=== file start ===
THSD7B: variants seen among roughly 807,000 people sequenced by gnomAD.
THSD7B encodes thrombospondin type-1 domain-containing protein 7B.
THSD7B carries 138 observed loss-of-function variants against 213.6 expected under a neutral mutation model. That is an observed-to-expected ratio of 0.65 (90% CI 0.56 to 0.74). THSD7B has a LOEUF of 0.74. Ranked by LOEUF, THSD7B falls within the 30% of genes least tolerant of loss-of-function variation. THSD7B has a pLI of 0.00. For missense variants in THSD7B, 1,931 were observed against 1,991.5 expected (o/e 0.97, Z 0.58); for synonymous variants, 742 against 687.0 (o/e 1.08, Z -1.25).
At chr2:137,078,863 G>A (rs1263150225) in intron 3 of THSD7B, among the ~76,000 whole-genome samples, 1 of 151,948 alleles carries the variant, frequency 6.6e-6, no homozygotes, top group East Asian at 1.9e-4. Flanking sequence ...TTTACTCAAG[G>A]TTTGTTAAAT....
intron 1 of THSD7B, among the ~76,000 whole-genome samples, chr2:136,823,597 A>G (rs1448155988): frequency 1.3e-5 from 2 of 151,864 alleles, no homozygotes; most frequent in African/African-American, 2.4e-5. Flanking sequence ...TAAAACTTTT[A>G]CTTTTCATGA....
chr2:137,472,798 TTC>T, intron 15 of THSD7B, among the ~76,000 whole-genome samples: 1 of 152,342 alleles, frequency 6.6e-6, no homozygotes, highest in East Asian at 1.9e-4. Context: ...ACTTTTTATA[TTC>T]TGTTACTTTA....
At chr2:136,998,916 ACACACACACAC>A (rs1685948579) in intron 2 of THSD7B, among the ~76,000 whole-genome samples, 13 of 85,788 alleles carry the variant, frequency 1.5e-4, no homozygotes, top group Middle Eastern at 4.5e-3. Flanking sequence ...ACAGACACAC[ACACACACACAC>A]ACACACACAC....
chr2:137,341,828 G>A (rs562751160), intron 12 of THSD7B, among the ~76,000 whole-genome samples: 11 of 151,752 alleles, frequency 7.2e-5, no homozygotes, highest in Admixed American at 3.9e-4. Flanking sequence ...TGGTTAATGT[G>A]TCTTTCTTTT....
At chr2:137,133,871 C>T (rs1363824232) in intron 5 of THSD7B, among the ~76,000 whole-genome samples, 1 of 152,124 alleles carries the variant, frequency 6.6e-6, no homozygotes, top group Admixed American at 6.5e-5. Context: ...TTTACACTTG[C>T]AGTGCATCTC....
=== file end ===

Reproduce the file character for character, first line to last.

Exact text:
THSD7B: variants seen among roughly 807,000 people sequenced by gnomAD.
THSD7B encodes thrombospondin type-1 domain-containing protein 7B.
THSD7B carries 138 observed loss-of-function variants against 213.6 expected under a neutral mutation model. That is an observed-to-expected ratio of 0.65 (90% CI 0.56 to 0.74). THSD7B has a LOEUF of 0.74. Ranked by LOEUF, THSD7B falls within the 30% of genes least tolerant of loss-of-function variation. THSD7B has a pLI of 0.00. For missense variants in THSD7B, 1,931 were observed against 1,991.5 expected (o/e 0.97, Z 0.58); for synonymous variants, 742 against 687.0 (o/e 1.08, Z -1.25).
At chr2:137,078,863 G>A (rs1263150225) in intron 3 of THSD7B, among the ~76,000 whole-genome samples, 1 of 151,948 alleles carries the variant, frequency 6.6e-6, no homozygotes, top group East Asian at 1.9e-4. Flanking sequence ...TTTACTCAAG[G>A]TTTGTTAAAT....
intron 1 of THSD7B, among the ~76,000 whole-genome samples, chr2:136,823,597 A>G (rs1448155988): frequency 1.3e-5 from 2 of 151,864 alleles, no homozygotes; most frequent in African/African-American, 2.4e-5. Flanking sequence ...TAAAACTTTT[A>G]CTTTTCATGA....
chr2:137,472,798 TTC>T, intron 15 of THSD7B, among the ~76,000 whole-genome samples: 1 of 152,342 alleles, frequency 6.6e-6, no homozygotes, highest in East Asian at 1.9e-4. Context: ...ACTTTTTATA[TTC>T]TGTTACTTTA....
At chr2:136,998,916 ACACACACACAC>A (rs1685948579) in intron 2 of THSD7B, among the ~76,000 whole-genome samples, 13 of 85,788 alleles carry the variant, frequency 1.5e-4, no homozygotes, top group Middle Eastern at 4.5e-3. Flanking sequence ...ACAGACACAC[ACACACACACAC>A]ACACACACAC....
chr2:137,341,828 G>A (rs562751160), intron 12 of THSD7B, among the ~76,000 whole-genome samples: 11 of 151,752 alleles, frequency 7.2e-5, no homozygotes, highest in Admixed American at 3.9e-4. Flanking sequence ...TGGTTAATGT[G>A]TCTTTCTTTT....
At chr2:137,133,871 C>T (rs1363824232) in intron 5 of THSD7B, among the ~76,000 whole-genome samples, 1 of 152,124 alleles carries the variant, frequency 6.6e-6, no homozygotes, top group Admixed American at 6.5e-5. Context: ...TTTACACTTG[C>T]AGTGCATCTC....